An Interview with Lucy Woodhull and Book Giveaway

Did you know that one of our own has published a book? Not only that, she’s published a sequel to that book! Lucy Woodhull, a.k.a Miss Worded, is the author of Ragnar and Juliet and she’s here today to talk to us about writing, feminism and sexy aliens. 

Persephone Magazine: Hi Lucy, this must be an exciting day for you!

Lucy Woodhull: Thank you so much, Sara, for having me here. My book, Ragnar and Juliet 2: Concubine Boogaloo (the sequel to Ragnar and Juliet) had just released and I can’t imagine a better place to kick off the festivities than Persephone! I’m gonna be giving away some books, so read on for a chance to win!

If you’re wondering what the hell a “Ragnar” is and what that has to do with a chick named Juliet, Ragnar and Juliet is a romantic comedy book series full of sci-fi awesomeness. If you like bounty-hunting floozies with big mouths; hot alien men with tails (it’s sexy, trust me); cockblocking sidekicks; exciting space battles (with explosions and stuff!); sexy, hot, throbbing sex that is sexy; bad guys in gold lamé; hair pins that save the day; and did I mention smexy turgid sexin’? – then you might enjoy my books. FYI, my books are e-books, which means they are digital only and fit easily on your e-reader, iPad, or computer banks.

Now, on to my deep, insightful interview answers!

PM: What is the biggest difference between writing a book and writing for a blog?

LW: A book is much longer. The two Ragnar and Juliets are about 68K words all together. But the principle is vaguely the same if you think in terms of scenes. Scenes and blogs should have a beginning, middle, and end, with an overarching goal in mind. Of course, novels have a through line for character development and plot from one scene to the next, so it’s a blog, but on steroids. Blogs are opinion or perhaps news based; novels are fiction. I think fiction is harder because it tends to have many more layers and simply takes so much butt-in-chair action to accomplish, but it all depends on the day, you know?

PM: Which do you enjoy more?

LH: My first love is fiction. It kinda has to be, or else I’m getting numb butt for nothing! (Numb butt occurs when you spend three or more hours in the same place writing, writing, writing and giggling to yourself over it, and your spouse comes home and says, “Please tell me you’ve moved at least once since I left!” And then you have to lie and say “yes.”)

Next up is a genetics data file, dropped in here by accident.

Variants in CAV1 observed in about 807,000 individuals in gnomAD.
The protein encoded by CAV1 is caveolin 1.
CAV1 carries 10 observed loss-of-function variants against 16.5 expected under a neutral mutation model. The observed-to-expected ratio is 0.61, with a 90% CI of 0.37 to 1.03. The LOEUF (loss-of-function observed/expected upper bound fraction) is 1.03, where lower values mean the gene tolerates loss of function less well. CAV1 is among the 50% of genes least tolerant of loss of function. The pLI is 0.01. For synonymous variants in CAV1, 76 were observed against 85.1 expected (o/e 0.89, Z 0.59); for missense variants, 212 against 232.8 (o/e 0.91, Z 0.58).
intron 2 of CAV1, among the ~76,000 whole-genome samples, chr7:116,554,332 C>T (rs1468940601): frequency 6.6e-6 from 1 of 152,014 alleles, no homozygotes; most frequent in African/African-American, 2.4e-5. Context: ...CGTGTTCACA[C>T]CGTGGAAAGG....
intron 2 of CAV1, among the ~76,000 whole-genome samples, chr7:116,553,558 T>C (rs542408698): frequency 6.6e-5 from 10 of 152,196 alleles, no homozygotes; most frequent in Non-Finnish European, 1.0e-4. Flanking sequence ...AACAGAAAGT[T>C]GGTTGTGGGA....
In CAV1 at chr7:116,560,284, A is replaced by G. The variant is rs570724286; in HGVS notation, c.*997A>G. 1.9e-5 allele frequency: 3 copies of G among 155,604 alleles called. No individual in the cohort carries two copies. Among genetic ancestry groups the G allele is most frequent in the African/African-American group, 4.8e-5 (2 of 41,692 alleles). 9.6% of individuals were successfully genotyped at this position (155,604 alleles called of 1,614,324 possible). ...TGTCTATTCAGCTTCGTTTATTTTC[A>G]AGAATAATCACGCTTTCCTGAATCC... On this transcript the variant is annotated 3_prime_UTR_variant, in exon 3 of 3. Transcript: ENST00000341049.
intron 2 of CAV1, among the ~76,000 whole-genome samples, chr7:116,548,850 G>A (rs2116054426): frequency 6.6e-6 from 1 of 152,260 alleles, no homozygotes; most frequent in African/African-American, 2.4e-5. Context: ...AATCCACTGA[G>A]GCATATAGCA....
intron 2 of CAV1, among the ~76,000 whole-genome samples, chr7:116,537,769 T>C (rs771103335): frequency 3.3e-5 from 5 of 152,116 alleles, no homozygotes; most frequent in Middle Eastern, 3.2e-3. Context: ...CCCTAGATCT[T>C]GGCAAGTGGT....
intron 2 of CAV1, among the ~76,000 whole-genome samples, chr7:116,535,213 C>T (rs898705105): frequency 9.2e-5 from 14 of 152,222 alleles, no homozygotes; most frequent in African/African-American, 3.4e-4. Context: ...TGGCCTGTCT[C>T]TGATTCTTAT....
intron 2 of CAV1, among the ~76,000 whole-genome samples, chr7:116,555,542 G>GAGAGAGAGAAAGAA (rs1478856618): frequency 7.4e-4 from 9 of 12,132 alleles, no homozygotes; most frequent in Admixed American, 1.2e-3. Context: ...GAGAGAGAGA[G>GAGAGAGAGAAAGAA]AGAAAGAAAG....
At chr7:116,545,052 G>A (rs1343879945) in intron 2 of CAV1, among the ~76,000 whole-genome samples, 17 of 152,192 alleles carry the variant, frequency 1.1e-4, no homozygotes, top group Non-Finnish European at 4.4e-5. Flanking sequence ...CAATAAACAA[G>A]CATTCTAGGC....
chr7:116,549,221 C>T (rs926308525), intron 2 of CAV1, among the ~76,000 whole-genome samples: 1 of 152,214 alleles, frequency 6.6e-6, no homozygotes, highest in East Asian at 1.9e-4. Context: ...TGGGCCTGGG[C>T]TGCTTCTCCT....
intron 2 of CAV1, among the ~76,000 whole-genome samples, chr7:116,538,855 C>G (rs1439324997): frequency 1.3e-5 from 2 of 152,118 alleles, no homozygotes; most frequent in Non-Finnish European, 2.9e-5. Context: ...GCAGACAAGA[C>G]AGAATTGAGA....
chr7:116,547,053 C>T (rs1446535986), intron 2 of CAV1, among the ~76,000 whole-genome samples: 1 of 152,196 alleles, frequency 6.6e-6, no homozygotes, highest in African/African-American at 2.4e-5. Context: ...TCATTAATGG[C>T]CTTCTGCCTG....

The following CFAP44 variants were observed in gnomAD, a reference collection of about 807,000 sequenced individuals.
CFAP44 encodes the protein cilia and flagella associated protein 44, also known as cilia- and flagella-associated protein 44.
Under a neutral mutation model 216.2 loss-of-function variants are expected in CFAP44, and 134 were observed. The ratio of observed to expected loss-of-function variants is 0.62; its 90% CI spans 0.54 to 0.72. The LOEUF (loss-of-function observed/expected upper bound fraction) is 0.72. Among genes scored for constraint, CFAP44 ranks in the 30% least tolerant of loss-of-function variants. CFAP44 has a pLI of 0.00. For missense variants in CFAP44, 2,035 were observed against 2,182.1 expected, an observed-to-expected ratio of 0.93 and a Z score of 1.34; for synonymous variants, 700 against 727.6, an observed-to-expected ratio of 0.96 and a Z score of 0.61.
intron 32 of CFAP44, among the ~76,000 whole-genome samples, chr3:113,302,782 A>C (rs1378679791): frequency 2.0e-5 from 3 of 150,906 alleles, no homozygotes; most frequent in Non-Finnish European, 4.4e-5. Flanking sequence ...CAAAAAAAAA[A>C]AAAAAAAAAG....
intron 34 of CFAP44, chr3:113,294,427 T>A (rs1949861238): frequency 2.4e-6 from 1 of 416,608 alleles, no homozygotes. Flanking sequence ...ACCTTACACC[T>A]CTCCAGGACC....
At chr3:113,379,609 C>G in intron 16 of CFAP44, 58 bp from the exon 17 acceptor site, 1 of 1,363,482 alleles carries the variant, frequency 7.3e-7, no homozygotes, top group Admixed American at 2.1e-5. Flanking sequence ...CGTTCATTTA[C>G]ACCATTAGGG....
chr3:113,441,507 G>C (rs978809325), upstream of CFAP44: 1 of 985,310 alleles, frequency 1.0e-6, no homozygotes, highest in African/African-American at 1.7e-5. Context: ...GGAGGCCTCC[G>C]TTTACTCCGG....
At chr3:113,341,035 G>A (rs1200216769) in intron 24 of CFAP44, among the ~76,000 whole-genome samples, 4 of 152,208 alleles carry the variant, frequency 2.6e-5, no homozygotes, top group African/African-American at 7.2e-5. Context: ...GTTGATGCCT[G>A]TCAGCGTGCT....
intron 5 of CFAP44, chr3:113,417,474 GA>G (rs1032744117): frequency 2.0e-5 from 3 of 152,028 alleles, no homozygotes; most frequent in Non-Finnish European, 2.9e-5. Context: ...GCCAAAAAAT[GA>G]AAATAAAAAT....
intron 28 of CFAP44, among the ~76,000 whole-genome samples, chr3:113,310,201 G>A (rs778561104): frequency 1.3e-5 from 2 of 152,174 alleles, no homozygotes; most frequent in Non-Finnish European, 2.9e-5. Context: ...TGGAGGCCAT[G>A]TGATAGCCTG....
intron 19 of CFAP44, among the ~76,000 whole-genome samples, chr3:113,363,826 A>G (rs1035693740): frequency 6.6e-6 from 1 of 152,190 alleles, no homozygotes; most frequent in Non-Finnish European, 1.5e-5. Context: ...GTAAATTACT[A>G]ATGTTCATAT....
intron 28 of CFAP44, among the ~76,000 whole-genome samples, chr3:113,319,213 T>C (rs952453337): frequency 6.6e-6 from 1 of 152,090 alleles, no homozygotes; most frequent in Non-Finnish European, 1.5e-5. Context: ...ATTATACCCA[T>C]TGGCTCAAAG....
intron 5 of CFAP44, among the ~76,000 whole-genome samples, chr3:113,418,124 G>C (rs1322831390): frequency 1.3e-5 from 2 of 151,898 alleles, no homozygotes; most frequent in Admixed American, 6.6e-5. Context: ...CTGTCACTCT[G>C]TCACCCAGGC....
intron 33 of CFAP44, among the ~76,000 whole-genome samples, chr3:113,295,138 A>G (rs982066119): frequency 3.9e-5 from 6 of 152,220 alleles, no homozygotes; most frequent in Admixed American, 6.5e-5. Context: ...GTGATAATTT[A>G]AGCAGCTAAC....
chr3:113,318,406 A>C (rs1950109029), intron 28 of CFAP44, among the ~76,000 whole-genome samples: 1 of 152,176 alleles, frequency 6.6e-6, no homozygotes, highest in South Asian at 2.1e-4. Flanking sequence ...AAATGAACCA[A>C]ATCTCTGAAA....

PM: How much fun is it to write sex scenes?

LW: UGH – sex scenes! They are the hardest, both literally and figuratively (heh heh). I find that when I get to a sexy scene, I dread it. There are arms and hands and various parts (waggles eyebrows) to keep track of and then there’s the emotional connection that needs to happen and it can’t be repetitive within itself or within the whole book. They are, without question, the most difficult to write. At least for me. If there’s a romance author who spouts them easily, we should give her (or him) some sort of award!

That being said, once I warm up – it’s fun. It’s sex! What’s not to love? I want my characters to have a good time; they deserve it after all the crap I put them through.

PM: Is it harder to write sexy sex for an established couple, when you don’t have the “thrill of discovery” element to play with?

LW: Ah, but I think good sex has the thrill of discovery every time, to a certain extent. We aren’t robots for whom you press a button and orgasms come out. (Although wouldn’t that be nice once in a while? I guess that’s what vibrators are for!) Every day we’re different people with different needs and emotions. Sometimes we hurt and sometimes we ache on the inside. The beauty of established couples is that they know each other and can sense the everyday changes in a way that a stranger never could. So while there’s a fantastic hotness in the first time with a fabulous new person, the same-old, same-old isn’t really that way – not if you’re paying attention and want your partner to feel amazing.

PM: Juliet seems to be a feminist, but she relies on her cleavage to get the job done most of the time. How do those things go together in your mind?